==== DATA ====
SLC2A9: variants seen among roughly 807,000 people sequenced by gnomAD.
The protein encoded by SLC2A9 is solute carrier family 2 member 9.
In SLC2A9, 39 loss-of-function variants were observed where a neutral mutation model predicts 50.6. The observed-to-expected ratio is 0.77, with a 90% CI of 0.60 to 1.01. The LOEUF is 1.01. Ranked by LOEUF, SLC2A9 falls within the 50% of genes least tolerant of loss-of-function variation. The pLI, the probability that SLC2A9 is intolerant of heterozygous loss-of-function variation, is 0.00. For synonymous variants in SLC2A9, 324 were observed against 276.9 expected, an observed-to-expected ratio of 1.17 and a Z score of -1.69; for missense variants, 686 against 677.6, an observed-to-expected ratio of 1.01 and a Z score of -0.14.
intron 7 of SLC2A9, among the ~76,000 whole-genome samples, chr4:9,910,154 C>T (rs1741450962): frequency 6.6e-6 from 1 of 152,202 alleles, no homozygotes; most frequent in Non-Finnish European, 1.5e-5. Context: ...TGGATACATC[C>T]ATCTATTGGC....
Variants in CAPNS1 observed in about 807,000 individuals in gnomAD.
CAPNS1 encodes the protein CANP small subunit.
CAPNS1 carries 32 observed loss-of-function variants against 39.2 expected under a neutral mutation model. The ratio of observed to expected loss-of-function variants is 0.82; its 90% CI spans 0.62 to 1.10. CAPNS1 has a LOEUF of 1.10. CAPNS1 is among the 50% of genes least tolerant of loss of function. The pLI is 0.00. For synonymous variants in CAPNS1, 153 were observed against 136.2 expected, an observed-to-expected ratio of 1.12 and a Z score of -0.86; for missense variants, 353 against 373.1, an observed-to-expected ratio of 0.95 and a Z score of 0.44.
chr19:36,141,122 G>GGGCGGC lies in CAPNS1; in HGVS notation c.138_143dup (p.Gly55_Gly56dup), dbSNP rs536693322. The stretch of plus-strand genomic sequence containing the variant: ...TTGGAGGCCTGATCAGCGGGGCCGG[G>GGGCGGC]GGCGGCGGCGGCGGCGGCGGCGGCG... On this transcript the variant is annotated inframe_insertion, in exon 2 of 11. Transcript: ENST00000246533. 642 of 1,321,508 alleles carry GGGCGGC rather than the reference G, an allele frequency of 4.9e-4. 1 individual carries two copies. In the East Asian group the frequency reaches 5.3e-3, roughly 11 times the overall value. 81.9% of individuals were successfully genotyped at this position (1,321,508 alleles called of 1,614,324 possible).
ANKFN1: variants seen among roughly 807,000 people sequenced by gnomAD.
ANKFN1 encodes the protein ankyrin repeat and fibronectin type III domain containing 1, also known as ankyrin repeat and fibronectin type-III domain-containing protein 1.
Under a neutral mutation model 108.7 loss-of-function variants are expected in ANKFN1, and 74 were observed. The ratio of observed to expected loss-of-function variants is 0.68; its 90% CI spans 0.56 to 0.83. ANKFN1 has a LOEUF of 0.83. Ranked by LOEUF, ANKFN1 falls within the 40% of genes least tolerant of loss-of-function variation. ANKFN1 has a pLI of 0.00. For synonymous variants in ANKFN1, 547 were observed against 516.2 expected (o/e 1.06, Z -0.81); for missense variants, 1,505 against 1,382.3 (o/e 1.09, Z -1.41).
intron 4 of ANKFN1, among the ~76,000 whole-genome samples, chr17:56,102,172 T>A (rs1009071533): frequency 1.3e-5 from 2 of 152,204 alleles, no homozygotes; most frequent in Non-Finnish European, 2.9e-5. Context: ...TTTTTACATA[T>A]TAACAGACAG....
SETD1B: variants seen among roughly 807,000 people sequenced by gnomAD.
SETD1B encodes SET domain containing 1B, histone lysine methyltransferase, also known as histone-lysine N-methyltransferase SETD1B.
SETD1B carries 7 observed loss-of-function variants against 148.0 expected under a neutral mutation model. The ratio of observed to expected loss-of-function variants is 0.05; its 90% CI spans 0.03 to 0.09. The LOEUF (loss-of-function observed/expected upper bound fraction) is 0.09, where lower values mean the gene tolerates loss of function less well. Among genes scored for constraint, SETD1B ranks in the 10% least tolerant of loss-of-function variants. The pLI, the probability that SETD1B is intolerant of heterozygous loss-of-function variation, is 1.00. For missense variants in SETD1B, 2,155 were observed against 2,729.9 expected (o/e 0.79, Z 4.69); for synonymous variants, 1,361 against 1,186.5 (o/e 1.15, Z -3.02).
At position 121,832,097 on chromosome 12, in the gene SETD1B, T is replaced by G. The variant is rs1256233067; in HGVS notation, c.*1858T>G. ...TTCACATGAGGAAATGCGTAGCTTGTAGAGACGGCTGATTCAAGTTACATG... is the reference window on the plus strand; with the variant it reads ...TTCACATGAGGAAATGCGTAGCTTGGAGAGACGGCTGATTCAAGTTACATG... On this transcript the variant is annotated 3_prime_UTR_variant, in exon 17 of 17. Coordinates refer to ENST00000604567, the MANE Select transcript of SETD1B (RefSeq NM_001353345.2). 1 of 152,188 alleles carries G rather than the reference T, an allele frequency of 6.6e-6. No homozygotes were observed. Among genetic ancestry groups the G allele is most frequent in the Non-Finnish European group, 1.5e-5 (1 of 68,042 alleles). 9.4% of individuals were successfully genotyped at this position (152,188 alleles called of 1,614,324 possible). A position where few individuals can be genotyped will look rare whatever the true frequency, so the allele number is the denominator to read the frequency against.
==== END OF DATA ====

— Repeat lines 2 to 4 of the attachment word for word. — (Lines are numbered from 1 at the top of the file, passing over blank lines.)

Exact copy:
The protein encoded by SLC2A9 is solute carrier family 2 member 9.
In SLC2A9, 39 loss-of-function variants were observed where a neutral mutation model predicts 50.6. The observed-to-expected ratio is 0.77, with a 90% CI of 0.60 to 1.01. The LOEUF is 1.01. Ranked by LOEUF, SLC2A9 falls within the 50% of genes least tolerant of loss-of-function variation. The pLI, the probability that SLC2A9 is intolerant of heterozygous loss-of-function variation, is 0.00. For synonymous variants in SLC2A9, 324 were observed against 276.9 expected, an observed-to-expected ratio of 1.17 and a Z score of -1.69; for missense variants, 686 against 677.6, an observed-to-expected ratio of 1.01 and a Z score of -0.14.
intron 7 of SLC2A9, among the ~76,000 whole-genome samples, chr4:9,910,154 C>T (rs1741450962): frequency 6.6e-6 from 1 of 152,202 alleles, no homozygotes; most frequent in Non-Finnish European, 1.5e-5. Context: ...TGGATACATC[C>T]ATCTATTGGC....